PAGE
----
Wheel Alignment

What is a
wheel alignment?

Wheel Alignment

The alignment of the wheels consists in adjusting the angles of the wheels so that they are parallel to each other and perpendicular to the ground, while ensuring that the tracks of the front and rear tires are correctly positioned. Often, a tire shop or mechanic will notice abnormal tire wear and will check the wheel alignment to determine if it is a cause of inappropriate wear

. Sometimes a component of the suspension wears unusually and may even be a sign of an "out of wheel alignment" vehicle. If a customer complains of improper handling or a "tug", the mechanic will check the wheel alignment to see if that is the reason they are worried. Wheel alignment angles can also be changed beyond the manufacturer's specifications to achieve distinct characteristics. Running, moving up and down the vehicle (in appearance or handling) and off-road applications often mean that the different wheel alignment angles will be separated from what is "normal" for the vehicle to meet the customer's needs.

Types of Wheel Alignments

In a two-wheel or front end wheel alignment only the two front whee

ls are aligned. This does not take into account the position of the rear axle. Mechanical gauges are typically used for this type of wheel alignment. Almost the entire modern orientation is designed for full thrust or four-wheel alignment.

Thrust wheel alignment is generally performed on vehicles with a massive rear axle. Vehicles with a fixed rear axle usually have no provision for adjusting the orientation. The wheel alignment angles of the four wheels are read by the alignment equipment, but only the front axle is adjusted. The front wheel alignment angles are parallel to the pressure line of the rear wheel. It's better than two wheel alignment, but there can still be drag and steering problems.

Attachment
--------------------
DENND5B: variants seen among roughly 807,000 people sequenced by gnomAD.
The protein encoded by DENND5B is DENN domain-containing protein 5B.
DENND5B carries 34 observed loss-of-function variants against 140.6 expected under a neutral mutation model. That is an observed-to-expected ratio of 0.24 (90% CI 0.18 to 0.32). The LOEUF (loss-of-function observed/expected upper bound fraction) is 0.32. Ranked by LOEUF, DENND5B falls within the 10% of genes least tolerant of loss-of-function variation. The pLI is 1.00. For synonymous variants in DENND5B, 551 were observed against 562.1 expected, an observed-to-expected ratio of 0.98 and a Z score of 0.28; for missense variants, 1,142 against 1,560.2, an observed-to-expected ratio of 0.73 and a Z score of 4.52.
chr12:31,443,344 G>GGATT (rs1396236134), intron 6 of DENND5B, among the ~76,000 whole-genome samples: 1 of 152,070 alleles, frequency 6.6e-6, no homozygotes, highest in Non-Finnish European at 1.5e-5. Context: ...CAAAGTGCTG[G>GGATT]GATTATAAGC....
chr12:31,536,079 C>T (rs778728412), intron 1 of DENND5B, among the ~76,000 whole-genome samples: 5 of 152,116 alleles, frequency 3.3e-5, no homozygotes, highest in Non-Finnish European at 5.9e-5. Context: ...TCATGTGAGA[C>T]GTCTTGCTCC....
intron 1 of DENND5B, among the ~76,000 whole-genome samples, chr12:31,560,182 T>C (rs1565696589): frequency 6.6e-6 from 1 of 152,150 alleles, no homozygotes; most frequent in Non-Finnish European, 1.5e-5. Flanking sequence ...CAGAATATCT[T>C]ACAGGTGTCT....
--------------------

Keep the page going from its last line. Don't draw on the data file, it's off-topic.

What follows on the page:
Full four-wheel alignment is performed on independently adjustable rear suspension vehicles on the front and rear axles. Both axles are tuned to the vehicle axle. This ensures that the vehicle follows and the steering wheel is centered. For all types of alignment, the front and rear suspensions may require additional parts to make the appropriate wheel alignment adjustments.

Primary Angles

The primary wheel alignment angles are the basic angle alignment of the wheels relative to each other and to the car body. These adjustments are the camber, caster and toe. On some cars, not all of these can be adjusted on every vehicle.

These three parameters can be further categorized into front and rear (with no caster on the rear, typically not being steered wheels). In summary, the parameters are:

  • Front: Caster (left & right)
  • Front: Camber (left & right)
  • Front: Toe (left, right & total)
  • Rear: Camber (left & right)
  • Rear: Toe (left, right & total)

Secondary Angles

The secondary wheel alignment angles include serveral other adjustments, such as:

  • SAI (Steering Axis Inclination) (left & right)
  • Included angle (left & right)
  • Toe out on turns (left & right)
  • Maximum Turns (left & right)
  • Toe curve change (left & right)
  • Track width difference
  • Wheelbase difference
  • Front ride height (left & right)
  • Rear ride height (left & right)
  • Frame angle
  • Setback (front & rear)

Setback is the difference between right side and left side wheelbase length. It can also be measured as an angle. Setback less than the manufactur

er specified tolerance (for example about 6mm) does not affect car handling. That's because, when the vehicle is turning, one wheel is ahead of the other by several centimetres and therefore the setback is negligible. There are even some vehicle models with different factory setting for right and left side wheelbase length, for various design reasons. An off-spec setback may occur because of a collision or a difference between right and left caster.

Rake is the difference between the front ride heights and the rear ride heights, a positive number when the rear ride height is larger.